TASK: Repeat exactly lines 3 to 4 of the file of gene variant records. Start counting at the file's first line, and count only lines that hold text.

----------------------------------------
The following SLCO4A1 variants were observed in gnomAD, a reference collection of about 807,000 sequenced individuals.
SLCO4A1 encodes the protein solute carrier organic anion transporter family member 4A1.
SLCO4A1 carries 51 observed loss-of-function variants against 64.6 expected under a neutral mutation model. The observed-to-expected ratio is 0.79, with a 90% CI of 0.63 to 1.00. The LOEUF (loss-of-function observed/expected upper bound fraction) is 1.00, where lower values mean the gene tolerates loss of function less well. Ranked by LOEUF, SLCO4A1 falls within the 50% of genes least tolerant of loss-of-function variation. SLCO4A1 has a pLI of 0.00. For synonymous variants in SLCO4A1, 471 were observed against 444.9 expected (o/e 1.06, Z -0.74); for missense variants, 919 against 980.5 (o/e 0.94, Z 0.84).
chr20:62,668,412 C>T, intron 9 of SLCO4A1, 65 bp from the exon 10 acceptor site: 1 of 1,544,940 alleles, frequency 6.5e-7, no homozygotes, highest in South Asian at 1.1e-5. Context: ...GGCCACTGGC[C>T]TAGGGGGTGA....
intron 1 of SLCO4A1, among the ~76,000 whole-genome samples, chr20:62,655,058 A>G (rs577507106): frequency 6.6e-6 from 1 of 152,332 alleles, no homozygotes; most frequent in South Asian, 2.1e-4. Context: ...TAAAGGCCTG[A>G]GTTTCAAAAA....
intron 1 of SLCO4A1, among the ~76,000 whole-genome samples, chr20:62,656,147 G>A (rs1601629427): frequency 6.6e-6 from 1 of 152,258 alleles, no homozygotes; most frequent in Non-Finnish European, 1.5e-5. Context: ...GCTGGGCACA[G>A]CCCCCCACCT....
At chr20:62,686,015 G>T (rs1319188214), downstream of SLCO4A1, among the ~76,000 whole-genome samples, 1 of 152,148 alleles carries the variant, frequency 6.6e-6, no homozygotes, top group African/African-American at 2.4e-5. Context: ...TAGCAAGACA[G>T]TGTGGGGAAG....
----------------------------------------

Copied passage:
SLCO4A1 carries 51 observed loss-of-function variants against 64.6 expected under a neutral mutation model. The observed-to-expected ratio is 0.79, with a 90% CI of 0.63 to 1.00. The LOEUF (loss-of-function observed/expected upper bound fraction) is 1.00, where lower values mean the gene tolerates loss of function less well. Ranked by LOEUF, SLCO4A1 falls within the 50% of genes least tolerant of loss-of-function variation. SLCO4A1 has a pLI of 0.00. For synonymous variants in SLCO4A1, 471 were observed against 444.9 expected (o/e 1.06, Z -0.74); for missense variants, 919 against 980.5 (o/e 0.94, Z 0.84).
chr20:62,668,412 C>T, intron 9 of SLCO4A1, 65 bp from the exon 10 acceptor site: 1 of 1,544,940 alleles, frequency 6.5e-7, no homozygotes, highest in South Asian at 1.1e-5. Context: ...GGCCACTGGC[C>T]TAGGGGGTGA....